“Then the LORD God made a woman from the rib he had taken out of the man, and he brought her to the man.” Genesis 2:21-23
March 8th (8 марта) pronounced ‘Marta’ is very well revered in Russia. It is the day exclusively set aside for women, and the men go out of their way to make it special. Actually it turns out even more special than the women’s respective birthdays. Wives, Mothers and Daughters get bunches of roses first thing in the morning as the festivities of the day progresses.
The first national Women’s Day was observed on 28 February 1909 in the United States following a declaration by the Socialist Party of America. In August 1910, an International Women’s Conference was organized to precede the general meeting of the Socialist Second International in Copenhagen. Inspired in part by the American socialists, German Socialist Luise Zietz proposed the establishment of an annual ‘International Woman’s Day’ (singular) and was seconded by Clara Zetkin, although no date was specified at that conference. Delegates (100 women from 17 countries) agreed with the idea as a strategy to promote equal rights, including suffrage, for women. The following year, on 18 March, 1911, IWD was marked for the first time, by over a million people in Austria, Denmark, Germany and Switzerland. In the Austro-Hungarian Empire alone, there were 300 demonstrations. In Vienna, women paraded on the Ringstrasse and carried banners honouring the martyrs of the Paris Commune. Women demanded that women be given the right to vote and to hold public office. They also protested against employment sex discrimination. Americans continued to celebrate National Women’s Day on the last Sunday in February.
Female members of the Australian Builders Labourers Federation march on International Women’s Day 1975 in Sydney
In 1913 Russian women observed their first International Women’s Day on the last Sunday in February (by Julian calendar then used in Russia). In 1917 demonstrations marking International Women’s Day in Saint Petersburg on the last Sunday in February (which fell on 8 March on the Gregorian calendar) initiated the February Revolution.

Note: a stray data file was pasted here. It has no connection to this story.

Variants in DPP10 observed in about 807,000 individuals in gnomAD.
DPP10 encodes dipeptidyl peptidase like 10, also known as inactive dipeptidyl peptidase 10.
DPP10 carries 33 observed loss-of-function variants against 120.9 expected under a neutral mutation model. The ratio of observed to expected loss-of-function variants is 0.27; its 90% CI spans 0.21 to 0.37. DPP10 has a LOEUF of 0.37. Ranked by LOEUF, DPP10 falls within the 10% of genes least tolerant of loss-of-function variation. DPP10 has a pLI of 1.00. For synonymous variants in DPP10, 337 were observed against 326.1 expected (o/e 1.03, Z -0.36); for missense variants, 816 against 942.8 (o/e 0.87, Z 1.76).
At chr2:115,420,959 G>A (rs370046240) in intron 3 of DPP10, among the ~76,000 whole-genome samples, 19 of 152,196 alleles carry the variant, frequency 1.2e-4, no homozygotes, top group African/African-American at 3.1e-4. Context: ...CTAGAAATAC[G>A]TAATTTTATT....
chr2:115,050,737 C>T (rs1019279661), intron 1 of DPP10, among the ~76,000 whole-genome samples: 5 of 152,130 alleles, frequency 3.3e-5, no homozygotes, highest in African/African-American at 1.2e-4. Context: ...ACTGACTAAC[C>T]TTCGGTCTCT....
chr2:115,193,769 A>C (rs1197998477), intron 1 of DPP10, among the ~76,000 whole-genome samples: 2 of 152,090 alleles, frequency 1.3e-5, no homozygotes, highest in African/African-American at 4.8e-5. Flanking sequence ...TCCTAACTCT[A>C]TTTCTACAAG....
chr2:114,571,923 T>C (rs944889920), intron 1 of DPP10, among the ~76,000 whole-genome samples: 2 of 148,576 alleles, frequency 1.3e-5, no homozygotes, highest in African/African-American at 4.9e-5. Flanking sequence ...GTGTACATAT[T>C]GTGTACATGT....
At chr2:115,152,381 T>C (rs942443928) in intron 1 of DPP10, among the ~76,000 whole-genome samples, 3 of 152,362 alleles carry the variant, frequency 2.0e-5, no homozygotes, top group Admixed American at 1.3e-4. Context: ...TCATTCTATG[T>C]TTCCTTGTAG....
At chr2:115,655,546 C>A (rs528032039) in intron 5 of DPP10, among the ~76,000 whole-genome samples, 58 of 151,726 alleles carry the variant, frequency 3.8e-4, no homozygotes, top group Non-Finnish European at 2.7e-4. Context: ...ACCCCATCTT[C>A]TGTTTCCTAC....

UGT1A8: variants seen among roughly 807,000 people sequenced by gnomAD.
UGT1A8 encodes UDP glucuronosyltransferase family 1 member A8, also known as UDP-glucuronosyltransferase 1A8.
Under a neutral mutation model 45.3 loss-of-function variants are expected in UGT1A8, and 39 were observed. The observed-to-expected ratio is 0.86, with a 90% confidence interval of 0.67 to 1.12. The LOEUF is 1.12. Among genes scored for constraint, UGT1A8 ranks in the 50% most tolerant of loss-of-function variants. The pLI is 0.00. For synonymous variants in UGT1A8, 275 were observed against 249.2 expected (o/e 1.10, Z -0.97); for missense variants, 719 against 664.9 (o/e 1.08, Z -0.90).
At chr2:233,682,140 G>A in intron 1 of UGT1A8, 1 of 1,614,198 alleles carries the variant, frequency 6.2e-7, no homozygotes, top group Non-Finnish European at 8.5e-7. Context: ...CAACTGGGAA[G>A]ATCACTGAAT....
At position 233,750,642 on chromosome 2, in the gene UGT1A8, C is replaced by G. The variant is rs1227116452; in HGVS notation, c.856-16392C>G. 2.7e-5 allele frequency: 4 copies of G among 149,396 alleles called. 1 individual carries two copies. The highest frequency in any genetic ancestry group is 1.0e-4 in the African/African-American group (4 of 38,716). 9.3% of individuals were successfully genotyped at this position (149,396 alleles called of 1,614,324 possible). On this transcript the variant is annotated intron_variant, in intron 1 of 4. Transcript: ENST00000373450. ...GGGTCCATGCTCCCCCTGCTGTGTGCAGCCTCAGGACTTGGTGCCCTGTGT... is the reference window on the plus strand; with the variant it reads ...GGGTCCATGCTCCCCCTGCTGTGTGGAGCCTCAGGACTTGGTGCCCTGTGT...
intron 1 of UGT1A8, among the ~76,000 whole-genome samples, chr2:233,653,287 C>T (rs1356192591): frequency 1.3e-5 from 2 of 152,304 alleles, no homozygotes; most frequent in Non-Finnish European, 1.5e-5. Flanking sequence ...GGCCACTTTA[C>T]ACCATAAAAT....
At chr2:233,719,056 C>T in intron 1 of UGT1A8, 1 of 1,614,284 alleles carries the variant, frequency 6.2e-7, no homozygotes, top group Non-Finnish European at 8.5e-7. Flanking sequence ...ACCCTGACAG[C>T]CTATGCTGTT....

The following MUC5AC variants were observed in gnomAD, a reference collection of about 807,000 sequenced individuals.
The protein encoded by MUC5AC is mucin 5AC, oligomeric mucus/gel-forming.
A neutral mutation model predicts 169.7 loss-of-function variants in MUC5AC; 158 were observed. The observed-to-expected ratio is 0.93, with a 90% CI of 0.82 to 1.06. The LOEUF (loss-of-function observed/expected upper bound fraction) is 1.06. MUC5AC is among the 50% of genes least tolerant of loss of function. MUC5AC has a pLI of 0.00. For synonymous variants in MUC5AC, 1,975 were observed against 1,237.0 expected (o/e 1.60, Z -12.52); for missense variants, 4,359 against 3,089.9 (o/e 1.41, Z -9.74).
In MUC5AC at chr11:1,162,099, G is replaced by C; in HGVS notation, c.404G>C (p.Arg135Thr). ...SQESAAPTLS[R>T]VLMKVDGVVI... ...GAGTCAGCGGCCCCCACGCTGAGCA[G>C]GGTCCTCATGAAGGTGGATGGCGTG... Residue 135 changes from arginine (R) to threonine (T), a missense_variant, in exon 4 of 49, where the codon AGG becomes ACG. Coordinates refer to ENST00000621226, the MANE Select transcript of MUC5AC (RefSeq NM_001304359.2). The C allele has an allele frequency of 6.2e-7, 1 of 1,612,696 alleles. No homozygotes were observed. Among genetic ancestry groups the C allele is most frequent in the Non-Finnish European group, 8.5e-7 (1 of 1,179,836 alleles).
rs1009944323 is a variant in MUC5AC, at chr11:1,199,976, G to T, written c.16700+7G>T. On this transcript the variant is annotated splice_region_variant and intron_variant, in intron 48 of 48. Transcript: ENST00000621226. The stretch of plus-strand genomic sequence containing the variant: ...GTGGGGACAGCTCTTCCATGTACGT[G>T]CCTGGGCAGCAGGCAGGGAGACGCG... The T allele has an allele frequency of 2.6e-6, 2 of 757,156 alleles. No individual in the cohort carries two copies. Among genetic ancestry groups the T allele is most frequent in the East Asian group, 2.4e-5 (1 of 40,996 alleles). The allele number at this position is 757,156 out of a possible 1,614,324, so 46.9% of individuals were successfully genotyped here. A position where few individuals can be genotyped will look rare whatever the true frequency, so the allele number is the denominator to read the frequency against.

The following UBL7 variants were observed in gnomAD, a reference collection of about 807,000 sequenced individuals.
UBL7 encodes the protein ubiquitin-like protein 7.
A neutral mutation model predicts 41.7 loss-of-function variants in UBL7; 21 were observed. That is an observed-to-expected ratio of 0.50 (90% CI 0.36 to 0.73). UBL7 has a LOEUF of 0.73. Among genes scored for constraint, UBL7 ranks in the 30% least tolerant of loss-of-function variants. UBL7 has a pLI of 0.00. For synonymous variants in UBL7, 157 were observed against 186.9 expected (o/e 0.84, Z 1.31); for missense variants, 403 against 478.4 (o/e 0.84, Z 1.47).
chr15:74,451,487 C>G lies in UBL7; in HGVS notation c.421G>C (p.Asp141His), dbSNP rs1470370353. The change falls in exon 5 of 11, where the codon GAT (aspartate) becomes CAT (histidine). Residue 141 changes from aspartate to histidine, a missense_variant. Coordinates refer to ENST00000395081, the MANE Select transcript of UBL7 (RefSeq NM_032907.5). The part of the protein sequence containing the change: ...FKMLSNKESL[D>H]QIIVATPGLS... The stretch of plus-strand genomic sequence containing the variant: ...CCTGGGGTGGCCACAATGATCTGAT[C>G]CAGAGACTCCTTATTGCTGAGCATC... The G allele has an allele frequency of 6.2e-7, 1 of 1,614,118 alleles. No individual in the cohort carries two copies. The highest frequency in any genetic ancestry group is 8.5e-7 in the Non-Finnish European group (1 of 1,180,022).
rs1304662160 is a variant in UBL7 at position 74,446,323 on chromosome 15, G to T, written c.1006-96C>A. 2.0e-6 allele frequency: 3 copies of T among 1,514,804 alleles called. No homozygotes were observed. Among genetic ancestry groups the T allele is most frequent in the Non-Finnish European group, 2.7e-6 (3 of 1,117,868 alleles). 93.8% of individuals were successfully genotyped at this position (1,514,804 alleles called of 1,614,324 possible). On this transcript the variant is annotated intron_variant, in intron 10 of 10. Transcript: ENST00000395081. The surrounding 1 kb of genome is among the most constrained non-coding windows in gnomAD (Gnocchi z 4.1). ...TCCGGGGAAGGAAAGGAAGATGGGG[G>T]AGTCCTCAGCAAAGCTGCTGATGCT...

The UN theme for International Women’s Day 2012 is Empower Women – End Hunger and Poverty. In many countries, International Women’s Day is an occasion to honor and praise women for their accomplishments. In 2012, Oxfam America is inviting people to celebrate inspiring women in their lives by sending a free International Women’s Day e-Card or honoring a woman whose efforts make a difference in the fight against hunger and poverty with Oxfam’s International Women’s Day award.
On the occasion of International Women’s Day 2012, the ICRC (International Committee of the Red Cross) is calling for more action to help the mothers and wives of people who have gone missing during armed conflict. The vast majority of people who go missing in connection with conflict are men. As well as the anguish of not knowing what has happened to the missing person, many of these women face economic and practical difficulties. The ICRC underlines the duty of parties to a conflict to search for the missing and provide information for the families.
The Google Doodle for March 8, 2012 had an International Women’s Day theme.
To those ladies who wrote to remind and chastise me for not acknowledging this remarkable day. Я прошу прощения (Ya proshu prashenia)Translation: I ask your forgiveness. Enjoy this remarkable day and together let us cherish the blessing of being ‘born this way’.
Поздравление с Днем женщин (Pazdrablenie c dnyom shjenshina) Congratulating you on Women’s day!